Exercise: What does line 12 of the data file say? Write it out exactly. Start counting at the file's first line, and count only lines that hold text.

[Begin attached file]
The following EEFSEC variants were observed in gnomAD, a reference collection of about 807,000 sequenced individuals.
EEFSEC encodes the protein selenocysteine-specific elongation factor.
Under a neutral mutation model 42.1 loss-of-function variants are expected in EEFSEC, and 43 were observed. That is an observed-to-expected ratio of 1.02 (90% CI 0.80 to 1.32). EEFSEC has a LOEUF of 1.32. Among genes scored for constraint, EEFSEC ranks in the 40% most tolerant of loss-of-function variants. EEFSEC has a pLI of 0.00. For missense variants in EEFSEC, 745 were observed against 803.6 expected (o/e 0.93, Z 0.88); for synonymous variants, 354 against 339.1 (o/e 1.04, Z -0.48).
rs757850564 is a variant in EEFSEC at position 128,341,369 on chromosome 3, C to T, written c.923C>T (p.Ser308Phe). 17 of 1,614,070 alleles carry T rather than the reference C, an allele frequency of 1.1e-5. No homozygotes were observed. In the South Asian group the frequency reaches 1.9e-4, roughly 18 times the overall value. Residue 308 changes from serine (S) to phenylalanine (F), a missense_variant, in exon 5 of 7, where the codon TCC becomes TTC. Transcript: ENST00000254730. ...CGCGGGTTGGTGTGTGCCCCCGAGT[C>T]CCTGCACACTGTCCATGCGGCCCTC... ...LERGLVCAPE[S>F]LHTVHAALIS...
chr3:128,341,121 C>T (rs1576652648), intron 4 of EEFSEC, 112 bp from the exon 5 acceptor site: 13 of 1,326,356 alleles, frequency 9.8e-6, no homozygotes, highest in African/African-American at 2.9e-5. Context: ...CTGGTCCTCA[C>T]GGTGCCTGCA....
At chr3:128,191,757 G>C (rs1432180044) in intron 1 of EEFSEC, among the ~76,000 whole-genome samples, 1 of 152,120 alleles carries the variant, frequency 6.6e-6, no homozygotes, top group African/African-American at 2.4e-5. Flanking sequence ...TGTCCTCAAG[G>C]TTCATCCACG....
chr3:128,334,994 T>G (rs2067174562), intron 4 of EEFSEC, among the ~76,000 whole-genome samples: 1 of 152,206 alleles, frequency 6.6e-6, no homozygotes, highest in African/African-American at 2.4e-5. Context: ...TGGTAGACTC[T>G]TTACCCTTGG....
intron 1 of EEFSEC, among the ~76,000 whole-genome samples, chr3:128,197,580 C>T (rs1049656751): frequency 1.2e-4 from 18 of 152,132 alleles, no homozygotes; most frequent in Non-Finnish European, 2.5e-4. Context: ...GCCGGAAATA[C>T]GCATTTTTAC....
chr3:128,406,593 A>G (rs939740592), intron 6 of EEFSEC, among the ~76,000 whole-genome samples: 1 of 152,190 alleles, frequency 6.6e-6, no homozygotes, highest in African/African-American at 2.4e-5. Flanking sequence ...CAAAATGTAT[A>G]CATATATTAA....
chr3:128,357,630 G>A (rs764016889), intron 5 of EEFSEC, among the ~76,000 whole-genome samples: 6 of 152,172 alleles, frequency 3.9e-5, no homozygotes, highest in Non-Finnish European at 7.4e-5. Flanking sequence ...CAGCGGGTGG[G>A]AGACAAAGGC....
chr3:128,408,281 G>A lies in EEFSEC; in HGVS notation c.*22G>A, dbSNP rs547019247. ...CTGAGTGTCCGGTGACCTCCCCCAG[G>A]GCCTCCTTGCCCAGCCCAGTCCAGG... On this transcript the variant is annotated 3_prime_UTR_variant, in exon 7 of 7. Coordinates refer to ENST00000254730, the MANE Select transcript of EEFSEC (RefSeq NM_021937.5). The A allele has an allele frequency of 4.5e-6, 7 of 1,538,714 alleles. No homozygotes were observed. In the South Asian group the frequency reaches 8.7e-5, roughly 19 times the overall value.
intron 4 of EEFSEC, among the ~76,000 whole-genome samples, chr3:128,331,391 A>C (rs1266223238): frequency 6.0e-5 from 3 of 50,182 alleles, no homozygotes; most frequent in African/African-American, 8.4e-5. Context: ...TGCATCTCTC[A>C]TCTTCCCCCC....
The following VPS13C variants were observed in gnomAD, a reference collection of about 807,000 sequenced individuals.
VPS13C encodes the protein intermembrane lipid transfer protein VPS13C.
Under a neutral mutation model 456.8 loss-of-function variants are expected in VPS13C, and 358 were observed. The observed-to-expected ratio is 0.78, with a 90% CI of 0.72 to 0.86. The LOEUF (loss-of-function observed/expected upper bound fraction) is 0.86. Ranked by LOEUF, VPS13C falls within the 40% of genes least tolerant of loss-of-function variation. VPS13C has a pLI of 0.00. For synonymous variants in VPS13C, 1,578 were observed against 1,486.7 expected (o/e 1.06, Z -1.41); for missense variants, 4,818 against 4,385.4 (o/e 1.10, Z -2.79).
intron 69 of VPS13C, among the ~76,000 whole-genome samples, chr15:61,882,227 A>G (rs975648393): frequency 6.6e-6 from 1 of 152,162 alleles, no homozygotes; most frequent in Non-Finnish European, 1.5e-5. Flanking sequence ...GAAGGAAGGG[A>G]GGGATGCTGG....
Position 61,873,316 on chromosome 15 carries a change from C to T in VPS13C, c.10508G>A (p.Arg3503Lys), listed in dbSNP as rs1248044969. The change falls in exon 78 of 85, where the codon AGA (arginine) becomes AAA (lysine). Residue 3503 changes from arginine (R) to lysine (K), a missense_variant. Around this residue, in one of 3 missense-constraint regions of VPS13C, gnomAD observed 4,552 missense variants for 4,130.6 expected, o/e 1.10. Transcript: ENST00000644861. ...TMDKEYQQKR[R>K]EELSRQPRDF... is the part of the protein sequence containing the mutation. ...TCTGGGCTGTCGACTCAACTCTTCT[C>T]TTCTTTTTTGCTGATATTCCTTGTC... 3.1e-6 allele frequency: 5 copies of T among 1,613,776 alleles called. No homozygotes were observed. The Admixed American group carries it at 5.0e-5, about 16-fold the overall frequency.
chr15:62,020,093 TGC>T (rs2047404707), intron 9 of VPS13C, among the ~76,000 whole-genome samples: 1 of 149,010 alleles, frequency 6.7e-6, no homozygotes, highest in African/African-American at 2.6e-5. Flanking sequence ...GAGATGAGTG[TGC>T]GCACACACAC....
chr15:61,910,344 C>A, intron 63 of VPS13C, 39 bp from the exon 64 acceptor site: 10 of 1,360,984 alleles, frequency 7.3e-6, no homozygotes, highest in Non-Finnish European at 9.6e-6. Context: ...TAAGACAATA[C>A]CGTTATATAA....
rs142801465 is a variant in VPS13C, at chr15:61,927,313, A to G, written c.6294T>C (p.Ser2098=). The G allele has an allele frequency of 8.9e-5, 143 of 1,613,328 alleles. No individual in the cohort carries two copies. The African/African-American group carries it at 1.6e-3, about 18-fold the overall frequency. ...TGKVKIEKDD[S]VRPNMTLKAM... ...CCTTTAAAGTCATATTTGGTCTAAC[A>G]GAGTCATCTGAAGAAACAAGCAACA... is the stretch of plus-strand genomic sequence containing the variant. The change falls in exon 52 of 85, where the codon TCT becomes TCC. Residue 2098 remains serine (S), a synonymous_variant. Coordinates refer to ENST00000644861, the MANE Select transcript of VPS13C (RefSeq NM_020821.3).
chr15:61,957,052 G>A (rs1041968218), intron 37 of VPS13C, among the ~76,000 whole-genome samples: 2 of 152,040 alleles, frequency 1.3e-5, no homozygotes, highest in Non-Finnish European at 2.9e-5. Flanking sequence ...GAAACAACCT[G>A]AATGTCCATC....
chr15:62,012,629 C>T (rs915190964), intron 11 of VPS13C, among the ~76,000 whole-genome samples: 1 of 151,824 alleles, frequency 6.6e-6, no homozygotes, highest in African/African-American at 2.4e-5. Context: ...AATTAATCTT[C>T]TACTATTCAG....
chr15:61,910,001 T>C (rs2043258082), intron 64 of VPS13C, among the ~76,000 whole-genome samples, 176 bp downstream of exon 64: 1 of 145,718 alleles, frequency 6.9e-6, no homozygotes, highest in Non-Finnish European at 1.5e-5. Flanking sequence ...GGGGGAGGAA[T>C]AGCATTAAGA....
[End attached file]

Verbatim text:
intron 4 of EEFSEC, among the ~76,000 whole-genome samples, chr3:128,331,391 A>C (rs1266223238): frequency 6.0e-5 from 3 of 50,182 alleles, no homozygotes; most frequent in African/African-American, 8.4e-5. Context: ...TGCATCTCTC[A>C]TCTTCCCCCC....